|Bengali Bhai frying samosas (pic: Tribune.com)|
Initial reports claimed that Bengali Bhai had been kidnapped by the Taliban -- the "bad" Taliban, if I may say so, because I often get to hear the distinction between the "good" and "bad" Taliban.
I have had the honour of speaking to Bengali Bhai, who crossed over from Bangladesh to Pakistan in 1971, on a couple of occasions. He would speak to me in accented Urdu, much like the way a Bengali would, till one day I told him that my husband could speak Bengali. He excitedly started speaking to me in Bengali but looked disappointed when I told him that my knowledge of Bengali began and ended with "bhalo".
Later, when I would queue at his shop to buy samosas he would make sure that I didn't have to wait much. He would hand me my packet of samosas with -- "bhalo"?
Last year when my father-in-law was in town he had a long conversation with Bengali Bhai, who talked about his business among other things. He said on an average day he sold samosas worth Rs 30,000. The business was brisk in the rainy and winter seasons and peaked during the holy month of Ramzan. He sent my father-in-law home with about a dozen freshly fried samosas.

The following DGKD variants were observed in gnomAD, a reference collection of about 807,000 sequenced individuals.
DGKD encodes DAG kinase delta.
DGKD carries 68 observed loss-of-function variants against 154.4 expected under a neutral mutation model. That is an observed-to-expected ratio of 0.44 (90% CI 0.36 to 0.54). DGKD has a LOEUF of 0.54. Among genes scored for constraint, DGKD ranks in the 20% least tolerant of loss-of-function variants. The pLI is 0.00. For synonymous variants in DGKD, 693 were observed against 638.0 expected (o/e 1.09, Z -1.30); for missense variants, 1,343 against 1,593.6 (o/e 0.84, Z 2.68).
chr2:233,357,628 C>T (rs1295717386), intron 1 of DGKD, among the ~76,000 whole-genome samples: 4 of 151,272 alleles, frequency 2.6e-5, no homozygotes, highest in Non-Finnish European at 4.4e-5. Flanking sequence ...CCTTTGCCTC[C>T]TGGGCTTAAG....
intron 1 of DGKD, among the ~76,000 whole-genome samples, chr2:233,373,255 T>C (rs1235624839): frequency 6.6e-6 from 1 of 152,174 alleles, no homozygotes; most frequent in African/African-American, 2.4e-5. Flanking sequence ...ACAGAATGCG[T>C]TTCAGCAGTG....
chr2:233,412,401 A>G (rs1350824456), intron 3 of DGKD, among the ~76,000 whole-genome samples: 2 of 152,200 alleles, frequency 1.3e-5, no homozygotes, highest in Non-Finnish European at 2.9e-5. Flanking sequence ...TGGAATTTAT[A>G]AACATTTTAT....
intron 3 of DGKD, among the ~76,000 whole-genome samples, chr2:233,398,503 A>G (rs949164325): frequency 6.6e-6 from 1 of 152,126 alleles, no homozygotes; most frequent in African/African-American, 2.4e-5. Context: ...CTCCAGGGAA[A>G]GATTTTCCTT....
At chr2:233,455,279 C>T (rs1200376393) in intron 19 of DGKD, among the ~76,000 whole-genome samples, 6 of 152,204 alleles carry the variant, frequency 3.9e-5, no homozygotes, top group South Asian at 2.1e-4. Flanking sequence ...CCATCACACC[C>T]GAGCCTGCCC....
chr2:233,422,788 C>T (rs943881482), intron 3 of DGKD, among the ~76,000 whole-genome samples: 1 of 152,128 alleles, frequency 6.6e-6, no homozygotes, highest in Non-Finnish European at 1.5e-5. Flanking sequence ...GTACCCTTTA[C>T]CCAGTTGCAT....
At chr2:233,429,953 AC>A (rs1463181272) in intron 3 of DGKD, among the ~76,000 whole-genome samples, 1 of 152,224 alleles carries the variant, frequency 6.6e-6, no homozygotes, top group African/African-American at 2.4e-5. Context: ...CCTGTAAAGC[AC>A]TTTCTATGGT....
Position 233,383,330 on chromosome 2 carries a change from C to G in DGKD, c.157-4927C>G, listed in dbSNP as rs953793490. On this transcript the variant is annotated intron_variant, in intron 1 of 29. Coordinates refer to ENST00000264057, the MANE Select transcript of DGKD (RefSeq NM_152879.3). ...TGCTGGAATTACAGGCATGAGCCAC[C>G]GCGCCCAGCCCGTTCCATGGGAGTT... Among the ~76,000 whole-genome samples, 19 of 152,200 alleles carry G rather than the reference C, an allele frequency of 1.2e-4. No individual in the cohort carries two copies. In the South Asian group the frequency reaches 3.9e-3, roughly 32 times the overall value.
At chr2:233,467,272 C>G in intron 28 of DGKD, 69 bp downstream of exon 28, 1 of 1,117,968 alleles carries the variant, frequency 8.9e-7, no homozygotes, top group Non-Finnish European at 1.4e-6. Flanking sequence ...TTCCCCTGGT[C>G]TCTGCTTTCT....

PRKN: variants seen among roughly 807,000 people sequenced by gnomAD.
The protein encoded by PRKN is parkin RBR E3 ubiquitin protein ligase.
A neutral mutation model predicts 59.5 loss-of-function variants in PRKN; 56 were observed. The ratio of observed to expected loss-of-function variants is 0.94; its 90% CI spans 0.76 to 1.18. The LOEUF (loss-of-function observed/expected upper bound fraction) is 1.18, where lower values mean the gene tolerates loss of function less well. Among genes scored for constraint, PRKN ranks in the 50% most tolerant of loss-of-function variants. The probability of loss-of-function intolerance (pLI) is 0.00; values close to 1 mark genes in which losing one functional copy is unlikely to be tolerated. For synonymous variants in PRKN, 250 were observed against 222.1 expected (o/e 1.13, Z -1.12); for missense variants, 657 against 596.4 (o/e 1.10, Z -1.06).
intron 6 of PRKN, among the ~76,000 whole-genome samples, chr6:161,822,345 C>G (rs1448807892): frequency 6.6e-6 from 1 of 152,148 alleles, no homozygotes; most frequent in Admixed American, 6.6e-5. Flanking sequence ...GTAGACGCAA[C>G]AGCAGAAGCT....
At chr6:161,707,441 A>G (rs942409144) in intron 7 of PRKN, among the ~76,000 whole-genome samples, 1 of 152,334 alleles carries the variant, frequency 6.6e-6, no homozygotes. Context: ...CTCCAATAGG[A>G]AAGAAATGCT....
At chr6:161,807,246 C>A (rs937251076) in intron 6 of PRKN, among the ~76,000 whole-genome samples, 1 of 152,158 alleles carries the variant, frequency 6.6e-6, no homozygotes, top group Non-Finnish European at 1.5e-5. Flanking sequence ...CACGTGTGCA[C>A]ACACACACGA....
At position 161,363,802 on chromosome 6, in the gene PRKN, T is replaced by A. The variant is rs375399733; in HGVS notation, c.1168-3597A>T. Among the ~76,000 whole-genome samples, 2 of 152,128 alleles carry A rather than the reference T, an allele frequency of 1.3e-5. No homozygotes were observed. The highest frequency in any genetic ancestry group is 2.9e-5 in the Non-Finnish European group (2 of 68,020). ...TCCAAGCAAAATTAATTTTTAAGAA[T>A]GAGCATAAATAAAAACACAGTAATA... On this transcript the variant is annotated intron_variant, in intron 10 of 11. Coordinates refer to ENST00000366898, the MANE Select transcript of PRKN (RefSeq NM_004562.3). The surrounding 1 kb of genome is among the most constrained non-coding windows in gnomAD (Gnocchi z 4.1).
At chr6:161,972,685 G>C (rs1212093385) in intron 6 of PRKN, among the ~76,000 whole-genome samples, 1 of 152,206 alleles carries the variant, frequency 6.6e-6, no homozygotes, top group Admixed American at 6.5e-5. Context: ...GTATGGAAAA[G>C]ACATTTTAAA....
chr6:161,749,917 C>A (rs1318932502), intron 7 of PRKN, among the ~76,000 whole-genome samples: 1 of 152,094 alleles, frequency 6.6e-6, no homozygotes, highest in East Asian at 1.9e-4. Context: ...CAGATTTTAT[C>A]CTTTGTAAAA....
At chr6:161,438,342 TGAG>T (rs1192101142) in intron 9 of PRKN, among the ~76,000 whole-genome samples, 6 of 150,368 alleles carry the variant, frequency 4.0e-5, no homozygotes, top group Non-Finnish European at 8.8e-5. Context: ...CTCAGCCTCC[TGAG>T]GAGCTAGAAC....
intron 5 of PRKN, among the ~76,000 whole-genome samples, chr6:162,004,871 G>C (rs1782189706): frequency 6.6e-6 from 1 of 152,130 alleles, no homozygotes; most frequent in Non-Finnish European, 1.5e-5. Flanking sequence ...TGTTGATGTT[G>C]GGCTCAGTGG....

Ten days after a ransom call for Rs 5 million was made to his wife, Bengali Bhai, who had been kept chained and blindfolded, was found by the police not from the "good" or "bad" Taliban but allegedly from friends of his nephew Afzal -- the mastermind behind the kidnapping.
A couple of days ago, after his shop reopened, I decided to go and buy samosas and also ask him -- "bhalo"? Bengali Bhai was missing from the shop and a relative was informing concerned customers that he was fine and resting at home. I also heard an oldish six-foot plus well-built man offering to be Bengali Bhai's bodyguard for free!
I hope to exchange "bhalos" with Bengali Bhai soon, but for now I am glad he is home and that neither the "good" nor the "bad" Taliban touched him.